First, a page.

MOST anglers have destinations on their bucket list that they would love to visit just once, however my bucket list can easily fit Weipa onto it several times over.
Fishing around Australia for several years while caravanning and living the nomadic lifestyle made me realise just how special the fishing in Queensland really is. We’ve got fabulous river systems, impoundment fishing, beach fishing and offshore fishing and a lot of it is within cooee of our cities and large towns, which means access is usually pretty good. Weipa is situated on the western side of Cape York Peninsula and has long been a popular destination for fishers and four-wheel-drive enthusiasts.
The drive to Weipa is slowly but surely becoming an easier ordeal, with roads regularly graded and upgraded to bitumen. Regular flights into the community have made it even easier for anglers to gain access to Weipa’s world-class fishery. I have driven to Weipa several times, flown in many more times and have helped take a mother ship from Cairns and around the tip to Weipa on a couple of occasions as well.
As it had been two years since my last fishing trip to Weipa, it was really kind of Leeann to send me off for my birthday for a week of fishing with my good mate Dwayne Jay. Dwayne originally guided in Weipa for a number of years before settling down to take a position in the mining industry. We teed up the itinerary for my trip months in advance and planned to target the large barramundi to the south of Weipa, catching a couple of reef fish along the way as well as pulling some drag on the big population of sailfish situated off the Cape’s coastline.
The plan was to fish from Dwayne’s smaller tinnie in the creeks and rivers, which are quite shallow, which meant it could be towed behind the 7.3m Trophy at a snail’s pace, however to traverse south from Weipa at some sort of respectable speed, Dwayne had made a cradle so the tinnie sat in the Trophy. As we ventured south, we paid particular attention to the sounder and any indication of a reef, particularly new ground that we would fish for our first target of fingermark. We took no bait with us, which meant every fish from the river to the ocean would be caught wholly and solely on lures. Once we had marked a reef, we dropped our Zerek 110mm Fish Traps into the depths to work them in a drop and draw method.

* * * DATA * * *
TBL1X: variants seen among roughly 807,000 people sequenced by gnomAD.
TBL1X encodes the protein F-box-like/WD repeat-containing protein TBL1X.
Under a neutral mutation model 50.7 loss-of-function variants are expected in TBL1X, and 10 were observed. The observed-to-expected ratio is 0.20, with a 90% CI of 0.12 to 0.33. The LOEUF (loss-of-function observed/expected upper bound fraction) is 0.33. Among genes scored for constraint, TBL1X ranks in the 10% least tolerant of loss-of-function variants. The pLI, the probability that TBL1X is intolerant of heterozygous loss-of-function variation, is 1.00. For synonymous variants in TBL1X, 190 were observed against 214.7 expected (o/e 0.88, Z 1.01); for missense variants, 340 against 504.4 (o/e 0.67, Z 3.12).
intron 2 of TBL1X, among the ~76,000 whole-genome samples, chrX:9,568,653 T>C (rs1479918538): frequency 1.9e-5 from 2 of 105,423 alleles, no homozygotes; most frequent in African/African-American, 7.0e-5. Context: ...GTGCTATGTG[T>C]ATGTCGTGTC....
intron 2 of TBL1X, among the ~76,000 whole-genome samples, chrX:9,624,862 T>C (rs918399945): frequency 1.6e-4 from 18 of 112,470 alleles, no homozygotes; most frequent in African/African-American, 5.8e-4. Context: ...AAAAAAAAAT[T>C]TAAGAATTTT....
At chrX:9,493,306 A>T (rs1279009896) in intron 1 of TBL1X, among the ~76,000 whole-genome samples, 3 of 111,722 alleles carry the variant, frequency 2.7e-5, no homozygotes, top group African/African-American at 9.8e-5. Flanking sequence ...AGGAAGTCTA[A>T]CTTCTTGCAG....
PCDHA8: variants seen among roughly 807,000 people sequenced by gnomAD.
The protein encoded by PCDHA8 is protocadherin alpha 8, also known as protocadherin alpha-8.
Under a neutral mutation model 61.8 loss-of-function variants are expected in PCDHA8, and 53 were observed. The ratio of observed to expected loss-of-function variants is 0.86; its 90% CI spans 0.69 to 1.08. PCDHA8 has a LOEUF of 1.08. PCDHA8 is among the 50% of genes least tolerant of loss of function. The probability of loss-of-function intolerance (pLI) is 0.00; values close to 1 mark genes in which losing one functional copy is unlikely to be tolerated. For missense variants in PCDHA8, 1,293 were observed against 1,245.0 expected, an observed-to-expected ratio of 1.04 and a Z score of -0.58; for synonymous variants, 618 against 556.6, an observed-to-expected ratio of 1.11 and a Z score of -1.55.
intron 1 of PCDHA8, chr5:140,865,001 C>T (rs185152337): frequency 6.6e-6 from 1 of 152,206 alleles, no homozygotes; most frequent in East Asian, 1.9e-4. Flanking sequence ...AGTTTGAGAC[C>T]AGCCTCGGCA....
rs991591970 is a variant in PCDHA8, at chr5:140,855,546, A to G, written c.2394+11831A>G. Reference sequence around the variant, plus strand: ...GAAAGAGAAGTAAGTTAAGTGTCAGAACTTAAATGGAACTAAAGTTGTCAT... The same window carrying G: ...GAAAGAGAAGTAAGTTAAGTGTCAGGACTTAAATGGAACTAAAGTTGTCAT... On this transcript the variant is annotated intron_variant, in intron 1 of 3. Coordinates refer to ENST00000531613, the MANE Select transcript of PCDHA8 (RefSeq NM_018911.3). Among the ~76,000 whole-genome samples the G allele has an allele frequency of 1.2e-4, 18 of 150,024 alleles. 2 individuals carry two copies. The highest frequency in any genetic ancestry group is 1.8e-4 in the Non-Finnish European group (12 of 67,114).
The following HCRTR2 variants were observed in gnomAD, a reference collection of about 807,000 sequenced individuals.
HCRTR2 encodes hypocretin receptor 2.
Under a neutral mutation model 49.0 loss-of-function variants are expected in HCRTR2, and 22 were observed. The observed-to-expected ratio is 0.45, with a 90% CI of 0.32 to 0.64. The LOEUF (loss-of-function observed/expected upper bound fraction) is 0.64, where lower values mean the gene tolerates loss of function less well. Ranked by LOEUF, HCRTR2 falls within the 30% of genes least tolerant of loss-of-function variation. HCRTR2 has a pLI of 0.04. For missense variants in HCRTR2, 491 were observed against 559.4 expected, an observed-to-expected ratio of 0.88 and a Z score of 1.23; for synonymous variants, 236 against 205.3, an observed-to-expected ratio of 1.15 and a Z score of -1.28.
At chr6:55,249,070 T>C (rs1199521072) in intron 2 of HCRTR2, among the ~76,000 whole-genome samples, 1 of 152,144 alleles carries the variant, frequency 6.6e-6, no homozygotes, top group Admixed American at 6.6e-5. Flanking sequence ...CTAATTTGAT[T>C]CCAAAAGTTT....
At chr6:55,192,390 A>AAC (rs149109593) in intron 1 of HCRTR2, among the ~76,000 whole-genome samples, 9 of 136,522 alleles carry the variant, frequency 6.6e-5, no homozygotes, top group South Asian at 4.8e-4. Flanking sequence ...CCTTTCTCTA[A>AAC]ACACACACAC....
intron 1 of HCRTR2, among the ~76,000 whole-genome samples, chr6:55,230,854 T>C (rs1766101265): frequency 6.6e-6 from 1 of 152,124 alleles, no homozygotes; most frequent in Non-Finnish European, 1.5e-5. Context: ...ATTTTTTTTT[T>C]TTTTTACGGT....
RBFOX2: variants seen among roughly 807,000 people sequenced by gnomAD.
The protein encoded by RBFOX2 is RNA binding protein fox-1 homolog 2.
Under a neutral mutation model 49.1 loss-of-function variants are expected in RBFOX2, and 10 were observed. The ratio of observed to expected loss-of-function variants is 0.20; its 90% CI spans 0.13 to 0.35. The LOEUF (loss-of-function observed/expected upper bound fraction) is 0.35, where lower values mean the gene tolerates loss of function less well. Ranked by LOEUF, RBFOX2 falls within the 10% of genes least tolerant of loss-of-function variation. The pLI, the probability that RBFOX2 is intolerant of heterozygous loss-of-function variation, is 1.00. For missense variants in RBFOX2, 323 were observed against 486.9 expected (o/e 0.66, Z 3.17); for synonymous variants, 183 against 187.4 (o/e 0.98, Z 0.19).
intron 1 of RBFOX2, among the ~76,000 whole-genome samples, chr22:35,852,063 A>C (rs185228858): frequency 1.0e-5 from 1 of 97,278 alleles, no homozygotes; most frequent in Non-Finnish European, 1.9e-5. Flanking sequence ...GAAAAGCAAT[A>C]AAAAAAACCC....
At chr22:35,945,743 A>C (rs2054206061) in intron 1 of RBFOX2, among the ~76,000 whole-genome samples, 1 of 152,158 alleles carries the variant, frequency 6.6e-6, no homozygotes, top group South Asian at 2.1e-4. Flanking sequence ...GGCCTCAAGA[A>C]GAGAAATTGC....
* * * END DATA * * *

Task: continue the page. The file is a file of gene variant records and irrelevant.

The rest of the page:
That is, if we could actually get them to the bottom without a fingermark smashing the lure first. No Fish Trap colouration stood out to be better than another and myriad methods could have been used, however the simple drop the lure to the bottom before raising the rod tip method worked without getting too technically minded. The fishing was fast and furious, and being such a remote destination, we easily reached our bag limit, however we returned each capture and happily left them biting after we’d had enough of fishing for them. The fingermark came from a water depth of 14m.
Our barramundi fishing for the trip was disappointing by Weipa standards. We were to fish the Kirk River, however the river was running a putrid brown. In another turn of events, the Holroyd River was being fished by netters and a bunch of nomads had set up base along the foreshores, meaning we were definitely not going to have the place to ourselves as planned. We ventured north, entering a long-time favourite river of Dwayne’s to cast the mangroves at high tide, where we started picking off some barramundi. The rivers are home to a large number of species and we also encountered queenfish (hard not to in Cape York!), mangrove jack, small fingermark, pikey bream, trevally and cod to name just a few.
Zerek Barra-X Pros and the Fish Traps were our go-to lures and although the action wasn’t thick and fast, enough was on offer to whet our appetites but it definitely wasn’t up to my expectations due to outstanding experiences on past trips. A trap for young players is navigating through the shallow river systems, as with discoloured water comes the inability to see sand and mud banks as you are travelling. As it was, even with a lot of experience on board we managed to get the little tinnie stuck for a couple of hours late in the afternoon. Thankfully it was only a short while and an incoming tide saved us from spending a whole tide on the bank.
Leaving the tinnie in the creek, we were able to head offshore to target sailfish, which have been a very popular target for Weipa locals. The billfishing is sensational and we came across a couple of pods of sails that were very keen to take our trolled lures. It certainly reminded me of the great billfishing I had experienced in the past at places such as Broome, where schools of sails can be seen swimming on the surface. Trolling a lure around this area, the hungry pack just couldn’t keep off the pushers we were using. I could only imagine how good fly fishing for these fish would be because the odds are definitely on the angler’s side.
I field tested several of the new award-winning Wilson Bone rods, with the distinct advantage of the four-piece rods being stowed in my duffle bag for the flight. The rods used were: Heavy lures/estuary – Black River BRC664RXH four-piece bait caster; Estuary – Voyage BVC654M four-piece bait caster; and Sailfish – Voyage BVS764XXH four-piece spin.
As this issue hits the stands, the Gold Coast Sportfishing Club’s annual Flathead Classic will be running. And with plenty of good flathead fishers in the mix, it will be a very interesting podium finish on the final day. Teams have been honing their skills for the past couple of months using various techniques and have caught plenty of fish and some bloody big ones at that, so I imagine it’ll be a great competition. Good luck to all.